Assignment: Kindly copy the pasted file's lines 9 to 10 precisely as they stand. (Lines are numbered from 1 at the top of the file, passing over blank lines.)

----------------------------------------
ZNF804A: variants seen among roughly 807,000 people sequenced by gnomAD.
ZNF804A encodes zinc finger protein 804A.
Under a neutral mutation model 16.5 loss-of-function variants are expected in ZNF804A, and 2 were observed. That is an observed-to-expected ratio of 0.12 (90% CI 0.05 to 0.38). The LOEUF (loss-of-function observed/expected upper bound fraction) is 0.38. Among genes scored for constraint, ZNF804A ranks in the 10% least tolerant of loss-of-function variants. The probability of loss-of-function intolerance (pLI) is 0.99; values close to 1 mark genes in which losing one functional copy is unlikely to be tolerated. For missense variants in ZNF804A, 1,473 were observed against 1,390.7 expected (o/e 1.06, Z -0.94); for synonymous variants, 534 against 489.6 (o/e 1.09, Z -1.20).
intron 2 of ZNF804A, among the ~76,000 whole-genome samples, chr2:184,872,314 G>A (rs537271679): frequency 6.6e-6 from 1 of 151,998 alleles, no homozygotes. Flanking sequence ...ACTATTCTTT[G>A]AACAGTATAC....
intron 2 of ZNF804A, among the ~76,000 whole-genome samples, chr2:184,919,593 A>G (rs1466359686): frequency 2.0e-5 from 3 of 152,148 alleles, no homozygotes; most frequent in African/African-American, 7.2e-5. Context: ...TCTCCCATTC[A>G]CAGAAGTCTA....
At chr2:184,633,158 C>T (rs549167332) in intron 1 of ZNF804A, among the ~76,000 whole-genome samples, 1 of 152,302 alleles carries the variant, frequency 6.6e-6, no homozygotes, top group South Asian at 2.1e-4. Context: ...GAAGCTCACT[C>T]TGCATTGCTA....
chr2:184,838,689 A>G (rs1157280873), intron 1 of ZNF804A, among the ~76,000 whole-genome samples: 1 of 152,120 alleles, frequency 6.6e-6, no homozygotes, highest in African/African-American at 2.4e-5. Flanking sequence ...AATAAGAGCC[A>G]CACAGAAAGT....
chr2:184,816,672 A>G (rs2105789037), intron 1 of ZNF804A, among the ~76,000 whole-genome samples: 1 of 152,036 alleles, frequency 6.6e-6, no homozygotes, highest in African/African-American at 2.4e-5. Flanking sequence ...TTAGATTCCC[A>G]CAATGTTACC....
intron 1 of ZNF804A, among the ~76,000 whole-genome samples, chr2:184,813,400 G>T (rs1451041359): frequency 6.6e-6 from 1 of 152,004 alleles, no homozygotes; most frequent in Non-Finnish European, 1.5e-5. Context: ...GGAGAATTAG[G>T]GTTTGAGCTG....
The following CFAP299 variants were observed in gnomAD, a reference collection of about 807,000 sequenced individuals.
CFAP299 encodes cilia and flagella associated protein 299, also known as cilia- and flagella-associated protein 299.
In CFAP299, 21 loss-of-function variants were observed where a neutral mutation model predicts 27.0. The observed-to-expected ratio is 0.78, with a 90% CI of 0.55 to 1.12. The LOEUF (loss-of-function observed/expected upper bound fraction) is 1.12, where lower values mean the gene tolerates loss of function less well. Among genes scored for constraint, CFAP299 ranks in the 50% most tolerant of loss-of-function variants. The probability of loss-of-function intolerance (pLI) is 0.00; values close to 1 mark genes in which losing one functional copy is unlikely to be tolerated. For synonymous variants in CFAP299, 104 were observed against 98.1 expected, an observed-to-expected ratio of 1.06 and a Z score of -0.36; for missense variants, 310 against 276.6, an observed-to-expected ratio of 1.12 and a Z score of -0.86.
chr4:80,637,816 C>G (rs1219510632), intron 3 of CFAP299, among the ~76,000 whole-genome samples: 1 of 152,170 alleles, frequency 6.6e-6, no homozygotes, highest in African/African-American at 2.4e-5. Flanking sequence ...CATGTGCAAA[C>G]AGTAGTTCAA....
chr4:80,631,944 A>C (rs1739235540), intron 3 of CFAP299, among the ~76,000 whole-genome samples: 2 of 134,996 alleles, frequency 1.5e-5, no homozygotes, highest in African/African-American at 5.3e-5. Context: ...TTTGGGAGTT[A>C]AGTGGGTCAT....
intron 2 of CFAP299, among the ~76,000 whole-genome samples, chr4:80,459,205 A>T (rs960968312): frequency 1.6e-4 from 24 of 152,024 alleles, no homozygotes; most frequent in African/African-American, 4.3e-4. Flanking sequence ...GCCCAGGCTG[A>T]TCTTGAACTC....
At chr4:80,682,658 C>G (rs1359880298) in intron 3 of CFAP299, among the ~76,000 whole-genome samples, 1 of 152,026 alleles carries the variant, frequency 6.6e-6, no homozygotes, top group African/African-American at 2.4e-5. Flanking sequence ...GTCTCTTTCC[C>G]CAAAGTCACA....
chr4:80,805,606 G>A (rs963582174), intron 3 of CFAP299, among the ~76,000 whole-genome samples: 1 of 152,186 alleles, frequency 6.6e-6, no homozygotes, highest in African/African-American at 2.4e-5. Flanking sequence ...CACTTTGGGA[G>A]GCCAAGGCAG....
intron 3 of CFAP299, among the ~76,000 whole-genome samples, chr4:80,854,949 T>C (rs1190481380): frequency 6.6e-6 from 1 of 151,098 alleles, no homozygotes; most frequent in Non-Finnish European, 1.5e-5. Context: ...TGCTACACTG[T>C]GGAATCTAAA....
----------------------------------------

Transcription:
intron 1 of ZNF804A, among the ~76,000 whole-genome samples, chr2:184,813,400 G>T (rs1451041359): frequency 6.6e-6 from 1 of 152,004 alleles, no homozygotes; most frequent in Non-Finnish European, 1.5e-5. Context: ...GGAGAATTAG[G>T]GTTTGAGCTG....
The following CFAP299 variants were observed in gnomAD, a reference collection of about 807,000 sequenced individuals.